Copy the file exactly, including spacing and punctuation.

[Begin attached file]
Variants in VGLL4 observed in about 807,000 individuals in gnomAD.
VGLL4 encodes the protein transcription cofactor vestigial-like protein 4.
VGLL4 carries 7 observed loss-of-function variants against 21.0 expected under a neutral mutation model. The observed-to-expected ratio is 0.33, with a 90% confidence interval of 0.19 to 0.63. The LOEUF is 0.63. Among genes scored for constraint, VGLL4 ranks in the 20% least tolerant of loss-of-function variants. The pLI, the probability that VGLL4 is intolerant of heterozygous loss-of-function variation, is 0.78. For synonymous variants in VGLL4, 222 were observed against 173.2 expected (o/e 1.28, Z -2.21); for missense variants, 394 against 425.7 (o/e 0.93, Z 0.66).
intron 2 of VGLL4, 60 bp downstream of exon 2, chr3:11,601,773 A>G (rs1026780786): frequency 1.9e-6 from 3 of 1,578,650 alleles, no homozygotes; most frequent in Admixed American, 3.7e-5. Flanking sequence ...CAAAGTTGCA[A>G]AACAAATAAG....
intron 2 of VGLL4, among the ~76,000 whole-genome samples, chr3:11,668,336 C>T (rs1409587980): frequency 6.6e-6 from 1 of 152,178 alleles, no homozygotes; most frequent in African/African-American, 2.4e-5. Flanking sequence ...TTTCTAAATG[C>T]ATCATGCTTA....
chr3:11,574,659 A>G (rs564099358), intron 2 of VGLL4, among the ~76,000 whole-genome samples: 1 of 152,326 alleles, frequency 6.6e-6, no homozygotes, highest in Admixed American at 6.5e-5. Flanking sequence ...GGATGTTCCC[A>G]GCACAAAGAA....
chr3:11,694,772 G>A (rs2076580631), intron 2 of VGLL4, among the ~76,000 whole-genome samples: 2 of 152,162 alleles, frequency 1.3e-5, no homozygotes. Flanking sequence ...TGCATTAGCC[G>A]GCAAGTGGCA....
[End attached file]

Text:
Variants in VGLL4 observed in about 807,000 individuals in gnomAD.
VGLL4 encodes the protein transcription cofactor vestigial-like protein 4.
VGLL4 carries 7 observed loss-of-function variants against 21.0 expected under a neutral mutation model. The observed-to-expected ratio is 0.33, with a 90% confidence interval of 0.19 to 0.63. The LOEUF is 0.63. Among genes scored for constraint, VGLL4 ranks in the 20% least tolerant of loss-of-function variants. The pLI, the probability that VGLL4 is intolerant of heterozygous loss-of-function variation, is 0.78. For synonymous variants in VGLL4, 222 were observed against 173.2 expected (o/e 1.28, Z -2.21); for missense variants, 394 against 425.7 (o/e 0.93, Z 0.66).
intron 2 of VGLL4, 60 bp downstream of exon 2, chr3:11,601,773 A>G (rs1026780786): frequency 1.9e-6 from 3 of 1,578,650 alleles, no homozygotes; most frequent in Admixed American, 3.7e-5. Flanking sequence ...CAAAGTTGCA[A>G]AACAAATAAG....
intron 2 of VGLL4, among the ~76,000 whole-genome samples, chr3:11,668,336 C>T (rs1409587980): frequency 6.6e-6 from 1 of 152,178 alleles, no homozygotes; most frequent in African/African-American, 2.4e-5. Flanking sequence ...TTTCTAAATG[C>T]ATCATGCTTA....
chr3:11,574,659 A>G (rs564099358), intron 2 of VGLL4, among the ~76,000 whole-genome samples: 1 of 152,326 alleles, frequency 6.6e-6, no homozygotes, highest in Admixed American at 6.5e-5. Flanking sequence ...GGATGTTCCC[A>G]GCACAAAGAA....
chr3:11,694,772 G>A (rs2076580631), intron 2 of VGLL4, among the ~76,000 whole-genome samples: 2 of 152,162 alleles, frequency 1.3e-5, no homozygotes. Flanking sequence ...TGCATTAGCC[G>A]GCAAGTGGCA....